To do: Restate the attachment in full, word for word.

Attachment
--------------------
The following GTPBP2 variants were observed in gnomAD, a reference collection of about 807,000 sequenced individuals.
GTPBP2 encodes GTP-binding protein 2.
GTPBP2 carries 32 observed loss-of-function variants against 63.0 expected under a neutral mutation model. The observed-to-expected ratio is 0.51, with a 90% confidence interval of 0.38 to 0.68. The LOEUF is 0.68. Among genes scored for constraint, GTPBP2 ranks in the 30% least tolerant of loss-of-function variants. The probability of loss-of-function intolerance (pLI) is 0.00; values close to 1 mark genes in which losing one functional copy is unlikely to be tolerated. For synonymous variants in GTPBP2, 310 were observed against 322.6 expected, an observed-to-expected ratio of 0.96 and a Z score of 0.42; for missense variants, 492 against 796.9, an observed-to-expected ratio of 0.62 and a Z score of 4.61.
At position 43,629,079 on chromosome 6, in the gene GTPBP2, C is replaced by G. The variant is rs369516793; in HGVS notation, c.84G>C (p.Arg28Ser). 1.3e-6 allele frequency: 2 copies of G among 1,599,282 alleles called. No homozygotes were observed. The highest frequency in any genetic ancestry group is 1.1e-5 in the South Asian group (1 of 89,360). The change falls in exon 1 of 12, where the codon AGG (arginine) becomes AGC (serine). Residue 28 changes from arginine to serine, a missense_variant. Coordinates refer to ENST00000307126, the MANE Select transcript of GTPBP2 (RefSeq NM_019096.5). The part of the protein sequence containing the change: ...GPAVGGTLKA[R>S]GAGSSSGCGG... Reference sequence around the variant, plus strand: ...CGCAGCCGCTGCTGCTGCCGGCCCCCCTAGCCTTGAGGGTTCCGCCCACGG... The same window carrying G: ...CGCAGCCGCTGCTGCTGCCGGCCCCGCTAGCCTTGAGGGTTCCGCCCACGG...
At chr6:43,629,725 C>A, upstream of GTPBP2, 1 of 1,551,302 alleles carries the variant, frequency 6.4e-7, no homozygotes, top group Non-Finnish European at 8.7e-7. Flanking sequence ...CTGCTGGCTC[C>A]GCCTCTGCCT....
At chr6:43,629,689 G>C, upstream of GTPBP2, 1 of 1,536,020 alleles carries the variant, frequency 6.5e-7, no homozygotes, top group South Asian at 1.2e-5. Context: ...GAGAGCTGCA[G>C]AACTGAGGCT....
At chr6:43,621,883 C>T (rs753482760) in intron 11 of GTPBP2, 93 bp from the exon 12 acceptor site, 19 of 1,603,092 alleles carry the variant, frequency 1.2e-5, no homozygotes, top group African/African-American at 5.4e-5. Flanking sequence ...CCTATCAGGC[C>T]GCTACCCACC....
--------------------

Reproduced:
The following GTPBP2 variants were observed in gnomAD, a reference collection of about 807,000 sequenced individuals.
GTPBP2 encodes GTP-binding protein 2.
GTPBP2 carries 32 observed loss-of-function variants against 63.0 expected under a neutral mutation model. The observed-to-expected ratio is 0.51, with a 90% confidence interval of 0.38 to 0.68. The LOEUF is 0.68. Among genes scored for constraint, GTPBP2 ranks in the 30% least tolerant of loss-of-function variants. The probability of loss-of-function intolerance (pLI) is 0.00; values close to 1 mark genes in which losing one functional copy is unlikely to be tolerated. For synonymous variants in GTPBP2, 310 were observed against 322.6 expected, an observed-to-expected ratio of 0.96 and a Z score of 0.42; for missense variants, 492 against 796.9, an observed-to-expected ratio of 0.62 and a Z score of 4.61.
At position 43,629,079 on chromosome 6, in the gene GTPBP2, C is replaced by G. The variant is rs369516793; in HGVS notation, c.84G>C (p.Arg28Ser). 1.3e-6 allele frequency: 2 copies of G among 1,599,282 alleles called. No homozygotes were observed. The highest frequency in any genetic ancestry group is 1.1e-5 in the South Asian group (1 of 89,360). The change falls in exon 1 of 12, where the codon AGG (arginine) becomes AGC (serine). Residue 28 changes from arginine to serine, a missense_variant. Coordinates refer to ENST00000307126, the MANE Select transcript of GTPBP2 (RefSeq NM_019096.5). The part of the protein sequence containing the change: ...GPAVGGTLKA[R>S]GAGSSSGCGG... Reference sequence around the variant, plus strand: ...CGCAGCCGCTGCTGCTGCCGGCCCCCCTAGCCTTGAGGGTTCCGCCCACGG... The same window carrying G: ...CGCAGCCGCTGCTGCTGCCGGCCCCGCTAGCCTTGAGGGTTCCGCCCACGG...
At chr6:43,629,725 C>A, upstream of GTPBP2, 1 of 1,551,302 alleles carries the variant, frequency 6.4e-7, no homozygotes, top group Non-Finnish European at 8.7e-7. Flanking sequence ...CTGCTGGCTC[C>A]GCCTCTGCCT....
At chr6:43,629,689 G>C, upstream of GTPBP2, 1 of 1,536,020 alleles carries the variant, frequency 6.5e-7, no homozygotes, top group South Asian at 1.2e-5. Context: ...GAGAGCTGCA[G>C]AACTGAGGCT....
At chr6:43,621,883 C>T (rs753482760) in intron 11 of GTPBP2, 93 bp from the exon 12 acceptor site, 19 of 1,603,092 alleles carry the variant, frequency 1.2e-5, no homozygotes, top group African/African-American at 5.4e-5. Flanking sequence ...CCTATCAGGC[C>T]GCTACCCACC....